Advanced Technology (CRISPR) Shows That Mucus Is Your Body’s First Line Of Defense Against Viruses

This story on CRISPR is part of an extended series on Regenerative Medicine. For other stories on this topic see and search for Regenerative Medicine. My definition of Regenerative Medicine is any medical modality that returns us to normal health when we are damaged by disease, injured by trauma, disadvantaged by birth, or worn by time. Modalities include: chemicals, genes, proteins and cells used as drugs, gene editing, prosthetics, and mind-machine interfaces. 

One of the key mysteries of SARS-CoV-2 is why it seems to infect some people more seriously than others. While vaccines have provided much-needed protection against the virus, there is still a need to develop better drugs to treat those who do become infected.

A primary method to develop drugs that fight viral infection is to determine what a virus needs to replicate in the body. Up until now, most studies have focused solely on SARS-CoV-2 and its own methods of attack. However, infections require cooperation between the human body’s cells along with the virus. In fact, viruses rely on many cellular structures within the host cells to replicate.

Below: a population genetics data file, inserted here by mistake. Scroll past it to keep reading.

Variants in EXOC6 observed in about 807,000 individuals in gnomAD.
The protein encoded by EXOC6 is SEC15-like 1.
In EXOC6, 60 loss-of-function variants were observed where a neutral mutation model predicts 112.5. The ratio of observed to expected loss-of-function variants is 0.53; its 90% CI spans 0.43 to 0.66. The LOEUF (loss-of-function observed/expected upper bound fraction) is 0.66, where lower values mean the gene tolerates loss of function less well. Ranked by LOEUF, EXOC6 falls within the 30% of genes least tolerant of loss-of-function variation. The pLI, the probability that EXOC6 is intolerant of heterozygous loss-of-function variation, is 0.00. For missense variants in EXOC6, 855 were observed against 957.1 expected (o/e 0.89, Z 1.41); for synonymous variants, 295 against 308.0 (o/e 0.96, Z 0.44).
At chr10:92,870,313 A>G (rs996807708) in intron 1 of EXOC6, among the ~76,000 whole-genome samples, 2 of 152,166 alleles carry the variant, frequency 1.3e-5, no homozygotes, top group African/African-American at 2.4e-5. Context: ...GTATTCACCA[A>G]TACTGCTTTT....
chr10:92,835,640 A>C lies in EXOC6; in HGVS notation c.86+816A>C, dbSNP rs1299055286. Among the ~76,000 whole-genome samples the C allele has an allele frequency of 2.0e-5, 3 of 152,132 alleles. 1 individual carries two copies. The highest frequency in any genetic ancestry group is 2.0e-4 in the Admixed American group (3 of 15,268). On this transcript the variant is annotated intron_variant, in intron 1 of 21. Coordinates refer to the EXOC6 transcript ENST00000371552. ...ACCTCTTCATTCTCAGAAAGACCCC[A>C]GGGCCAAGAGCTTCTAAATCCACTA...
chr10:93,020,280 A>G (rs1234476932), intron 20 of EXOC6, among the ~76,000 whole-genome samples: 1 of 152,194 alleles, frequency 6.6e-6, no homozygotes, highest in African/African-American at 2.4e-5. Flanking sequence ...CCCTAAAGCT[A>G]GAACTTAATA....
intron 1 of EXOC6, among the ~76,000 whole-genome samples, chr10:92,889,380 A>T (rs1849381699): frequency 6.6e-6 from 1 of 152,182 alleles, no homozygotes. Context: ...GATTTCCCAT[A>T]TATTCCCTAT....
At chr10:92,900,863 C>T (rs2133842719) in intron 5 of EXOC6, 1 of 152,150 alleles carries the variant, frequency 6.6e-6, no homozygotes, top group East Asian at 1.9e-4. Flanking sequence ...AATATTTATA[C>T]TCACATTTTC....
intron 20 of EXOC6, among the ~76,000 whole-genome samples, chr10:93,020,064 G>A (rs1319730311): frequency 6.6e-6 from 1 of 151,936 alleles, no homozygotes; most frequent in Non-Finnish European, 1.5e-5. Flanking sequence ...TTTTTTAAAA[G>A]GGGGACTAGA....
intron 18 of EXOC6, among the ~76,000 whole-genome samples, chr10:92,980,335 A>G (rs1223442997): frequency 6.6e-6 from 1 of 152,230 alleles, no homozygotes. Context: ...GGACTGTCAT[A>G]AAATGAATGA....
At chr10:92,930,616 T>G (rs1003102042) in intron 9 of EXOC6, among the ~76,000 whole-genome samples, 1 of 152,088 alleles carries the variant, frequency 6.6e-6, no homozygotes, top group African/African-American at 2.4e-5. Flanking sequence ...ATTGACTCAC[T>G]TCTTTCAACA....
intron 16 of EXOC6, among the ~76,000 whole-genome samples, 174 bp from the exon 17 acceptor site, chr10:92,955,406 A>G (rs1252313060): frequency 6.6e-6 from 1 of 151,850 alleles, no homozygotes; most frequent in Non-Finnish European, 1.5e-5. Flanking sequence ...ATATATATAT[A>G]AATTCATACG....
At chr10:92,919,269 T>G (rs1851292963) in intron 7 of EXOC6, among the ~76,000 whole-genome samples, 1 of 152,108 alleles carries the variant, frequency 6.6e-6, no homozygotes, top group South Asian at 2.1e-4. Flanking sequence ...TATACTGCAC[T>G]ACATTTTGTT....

So how can we decode SARS-CoV-2 and its interactions with our own bodies? One way to do this is to conduct a systematic study of all the genes in cells that are known to interact with SARS-CoV-2. By inhibiting the majority of genes while leaving some active, scientists can pinpoint exactly which genes and cellular structures affect SARS-CoV-2 infections.

Fortunately, with a new gene-editing tool called CRISPR, researchers at U.C. Berkeley were able to do just that. After conducting a study of genes found in lung cells, Biering et al. discovered a naturally occurring protein in the body that may have the ability to inhibit SARS-CoV-2 infections. This study is the first to examine how SARS-CoV-2 interacts with human lung cells, marking a critical advancement in SARS-CoV-2 research.

Read the original article on Forbes.

© William A. Haseltine, PhD. All Rights Reserved.